Flight testing of Gulfstream’s GV-SP is back on pace following a schedule interruption caused by last month’s terrorist attacks. The latest ultra-long-range business jet from Gulfstream Aerospace, the GV-SP made its first flight on August 31, four weeks ahead of schedule and well on the way to an expected certification date late next year.
The follow-on to the successful Gulfstream V was introduced at last year’s NBAA Convention in New Orleans and promised “true 6,750-nm range,” a 20-percent increase in usable cabin space, the new Primus Epic avionics suite from Honeywell and a “PlaneView” cockpit defined by Gulfstream’s cursor-control device (CCD), Kollsman’s enhanced vision system (EVS) and Honeywell’s 2020 head-up display (HUD) as standard equipment. A “significant portion” of the initial test program involved the PlaneView cockpit systems, including the EVS and HUD.
According to Gulfstream president and COO Bill Boisture, PlaneView, based on the Primus Epic architecture, will give pilots real-time information on airports, weather, air traffic and terrain, all displayed on 14-in. flat-screen LCD monitors. “Not only will the system greatly improve situational awareness for pilots, but it will also provide information required to make safe flying decisions in low-visibility and adverse weather conditions.”
The gain in cabin space is the result of new technology that allowed engineers to replace the old “radio rack” storage aft of the cockpit bulkhead with “a fourth living area” and a seventh window forward on the starboard side. The increased cabin volume allows the aircraft to carry 16 passengers comfortably and to berth up to eight. “This is a significant advancement in passenger comfort,” said Joe Walker, senior v-p of worldwide sales.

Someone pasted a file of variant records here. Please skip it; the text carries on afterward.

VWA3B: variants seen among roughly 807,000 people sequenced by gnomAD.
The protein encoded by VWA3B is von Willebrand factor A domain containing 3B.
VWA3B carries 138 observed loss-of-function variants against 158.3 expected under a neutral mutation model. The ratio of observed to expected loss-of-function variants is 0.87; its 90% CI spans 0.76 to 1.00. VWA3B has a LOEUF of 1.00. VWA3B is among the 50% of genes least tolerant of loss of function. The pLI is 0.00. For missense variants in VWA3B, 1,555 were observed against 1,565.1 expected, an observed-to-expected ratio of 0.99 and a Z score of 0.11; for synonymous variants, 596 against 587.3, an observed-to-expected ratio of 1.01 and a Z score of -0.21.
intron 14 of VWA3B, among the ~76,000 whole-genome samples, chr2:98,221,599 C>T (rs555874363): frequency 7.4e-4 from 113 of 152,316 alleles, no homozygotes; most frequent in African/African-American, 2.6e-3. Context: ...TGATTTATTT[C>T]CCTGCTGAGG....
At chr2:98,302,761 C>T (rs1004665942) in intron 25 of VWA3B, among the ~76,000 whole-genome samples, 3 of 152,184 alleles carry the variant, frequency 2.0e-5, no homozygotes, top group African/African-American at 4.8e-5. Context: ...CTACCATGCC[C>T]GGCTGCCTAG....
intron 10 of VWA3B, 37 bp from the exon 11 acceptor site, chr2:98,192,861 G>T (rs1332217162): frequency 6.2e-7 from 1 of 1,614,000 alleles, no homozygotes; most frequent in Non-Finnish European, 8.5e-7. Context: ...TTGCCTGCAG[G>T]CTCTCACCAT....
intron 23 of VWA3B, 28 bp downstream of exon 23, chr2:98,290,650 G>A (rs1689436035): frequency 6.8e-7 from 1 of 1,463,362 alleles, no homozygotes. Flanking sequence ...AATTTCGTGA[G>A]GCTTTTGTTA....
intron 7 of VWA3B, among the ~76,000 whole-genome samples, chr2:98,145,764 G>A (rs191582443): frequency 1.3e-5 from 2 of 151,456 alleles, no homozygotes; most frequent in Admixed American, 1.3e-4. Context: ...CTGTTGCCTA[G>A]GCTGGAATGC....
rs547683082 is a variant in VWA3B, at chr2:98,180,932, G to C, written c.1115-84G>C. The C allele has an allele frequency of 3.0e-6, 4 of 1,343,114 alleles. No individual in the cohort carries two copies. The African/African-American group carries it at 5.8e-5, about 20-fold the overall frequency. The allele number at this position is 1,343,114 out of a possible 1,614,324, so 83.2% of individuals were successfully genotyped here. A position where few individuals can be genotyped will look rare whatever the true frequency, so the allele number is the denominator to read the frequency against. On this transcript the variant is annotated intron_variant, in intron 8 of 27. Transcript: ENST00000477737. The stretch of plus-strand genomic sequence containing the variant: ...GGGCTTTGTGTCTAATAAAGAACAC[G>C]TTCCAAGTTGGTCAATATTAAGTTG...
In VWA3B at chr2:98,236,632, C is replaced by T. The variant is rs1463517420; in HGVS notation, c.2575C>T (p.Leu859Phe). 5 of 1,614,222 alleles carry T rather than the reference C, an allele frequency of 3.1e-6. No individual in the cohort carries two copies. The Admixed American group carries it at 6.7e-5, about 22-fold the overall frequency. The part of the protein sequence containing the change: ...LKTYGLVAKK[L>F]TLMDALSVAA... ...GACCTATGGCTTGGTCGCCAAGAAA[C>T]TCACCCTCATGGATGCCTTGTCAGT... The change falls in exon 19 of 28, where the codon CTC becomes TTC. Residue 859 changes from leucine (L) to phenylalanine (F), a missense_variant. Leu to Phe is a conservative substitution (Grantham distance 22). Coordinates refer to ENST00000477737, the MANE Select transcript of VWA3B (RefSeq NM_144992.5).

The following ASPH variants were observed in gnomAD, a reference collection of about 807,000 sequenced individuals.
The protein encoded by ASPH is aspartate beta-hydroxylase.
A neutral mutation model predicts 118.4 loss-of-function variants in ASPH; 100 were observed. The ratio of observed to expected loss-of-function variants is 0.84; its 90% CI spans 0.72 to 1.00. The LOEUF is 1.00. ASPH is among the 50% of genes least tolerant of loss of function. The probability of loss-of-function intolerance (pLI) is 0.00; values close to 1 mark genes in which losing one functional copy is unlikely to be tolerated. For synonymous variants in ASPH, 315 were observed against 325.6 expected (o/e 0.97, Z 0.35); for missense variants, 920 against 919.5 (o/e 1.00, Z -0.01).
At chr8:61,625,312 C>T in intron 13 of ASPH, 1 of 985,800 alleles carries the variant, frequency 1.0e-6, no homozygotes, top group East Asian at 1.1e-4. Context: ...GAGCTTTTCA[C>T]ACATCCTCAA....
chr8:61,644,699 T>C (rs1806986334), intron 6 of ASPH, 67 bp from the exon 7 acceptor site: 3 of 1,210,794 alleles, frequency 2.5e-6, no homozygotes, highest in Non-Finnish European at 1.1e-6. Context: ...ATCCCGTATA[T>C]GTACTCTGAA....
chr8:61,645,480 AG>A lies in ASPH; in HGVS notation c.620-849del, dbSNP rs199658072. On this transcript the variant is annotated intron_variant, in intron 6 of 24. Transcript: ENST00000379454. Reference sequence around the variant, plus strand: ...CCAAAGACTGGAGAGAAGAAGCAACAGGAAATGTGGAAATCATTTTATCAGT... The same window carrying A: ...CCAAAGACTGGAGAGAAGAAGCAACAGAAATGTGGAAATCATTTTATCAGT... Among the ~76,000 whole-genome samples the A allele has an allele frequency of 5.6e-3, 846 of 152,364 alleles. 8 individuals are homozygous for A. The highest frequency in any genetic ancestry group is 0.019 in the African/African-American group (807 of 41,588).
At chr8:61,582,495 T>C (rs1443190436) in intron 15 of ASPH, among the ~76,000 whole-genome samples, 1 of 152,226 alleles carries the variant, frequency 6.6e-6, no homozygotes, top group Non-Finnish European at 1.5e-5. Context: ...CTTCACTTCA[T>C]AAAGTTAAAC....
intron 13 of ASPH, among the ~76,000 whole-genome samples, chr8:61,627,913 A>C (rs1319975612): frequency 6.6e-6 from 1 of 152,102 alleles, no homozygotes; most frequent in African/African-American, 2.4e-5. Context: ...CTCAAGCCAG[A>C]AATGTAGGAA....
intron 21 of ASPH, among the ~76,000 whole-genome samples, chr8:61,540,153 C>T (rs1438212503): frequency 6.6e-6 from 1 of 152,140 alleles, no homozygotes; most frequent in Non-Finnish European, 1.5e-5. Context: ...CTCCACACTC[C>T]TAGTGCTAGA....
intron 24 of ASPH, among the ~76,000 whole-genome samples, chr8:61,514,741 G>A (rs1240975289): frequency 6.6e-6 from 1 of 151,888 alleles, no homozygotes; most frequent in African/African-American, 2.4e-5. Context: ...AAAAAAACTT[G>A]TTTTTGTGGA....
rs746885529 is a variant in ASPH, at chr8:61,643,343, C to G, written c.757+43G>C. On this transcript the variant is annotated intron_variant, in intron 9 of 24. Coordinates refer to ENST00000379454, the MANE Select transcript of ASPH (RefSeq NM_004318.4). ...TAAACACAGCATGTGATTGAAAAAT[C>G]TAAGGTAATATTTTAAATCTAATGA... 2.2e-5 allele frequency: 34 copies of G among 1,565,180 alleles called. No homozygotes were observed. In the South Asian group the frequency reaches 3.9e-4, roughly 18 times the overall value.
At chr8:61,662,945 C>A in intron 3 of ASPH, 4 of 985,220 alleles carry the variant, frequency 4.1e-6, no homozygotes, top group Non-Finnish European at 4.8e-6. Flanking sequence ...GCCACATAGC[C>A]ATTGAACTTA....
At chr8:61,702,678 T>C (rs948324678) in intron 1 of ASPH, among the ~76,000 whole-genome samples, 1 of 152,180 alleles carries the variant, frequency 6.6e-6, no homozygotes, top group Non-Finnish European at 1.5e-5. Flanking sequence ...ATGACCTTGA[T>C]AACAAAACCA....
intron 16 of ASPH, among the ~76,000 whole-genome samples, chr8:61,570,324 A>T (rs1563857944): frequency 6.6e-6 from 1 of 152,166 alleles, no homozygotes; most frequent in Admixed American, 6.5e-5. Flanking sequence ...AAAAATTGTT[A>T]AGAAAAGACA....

The crew for the first flight included pilot-in-command John O’Meara, copilot Tom Horne and flight-test engineer Bill Osborne. Throughout a series of tests, the crew verified engine and control system responses, monitored engine operational clearance throughout the flight envelope, and reached 41,000 ft altitude and the aircraft’s ultra-long-range cruise speed of Mach 0.80.
The first test aircraft was actually a Gulfstream V, much modified to replicate a GV-SP prototype, and is the first of three test articles in the certification program. The first fully conforming GV-SP is expected to fly next summer. The third aircraft in the program is also a modified GV and will be used in aerodynamic tests.
The Gulfstream V-SP launch order came from Executive Jet for 20 aircraft to be deployed in its NetJets fractional-ownership program. Among the most recent orders was one from the newly formed United BizJet Holdings. The Chicago-based company, created by UAL Corp., placed an order for Gulfstream business jets that included options for 14 GV-SPs.
Gulfstream recently assured customers that with 6,750 nm range at Mach 0.80, “the GV-SP can fly nonstop from New York to Tokyo [with eight passengers] guaranteed.” Part of Gulfstream’s confidence in the extended range comes from a number of aerodynamic modifications and reduced fuel burn from twin Rolls-Royce BR710 turbofans with 4.3 percent more thrust.
According to senior v-p of programs Preston Henne, drag has been reduced by about 2 percent and specific fuel consumption by 1.5 percent.
The basic operating weight of the GV-SP is 48,300 lb, an increase of 300 lb over the GV. And although the mtow remains the same at 91,000 lb, a change in the c.g. along with other refinements has shortened the takeoff distance from 6,110 ft to 6,000 ft (sl, ISA).
The typically equipped and completed GV-SP is being priced at about $45 million. A similar GV currently goes for about $40.5 million and a similarly equipped Global Express from competitor Bombardier is selling for $40.7 million.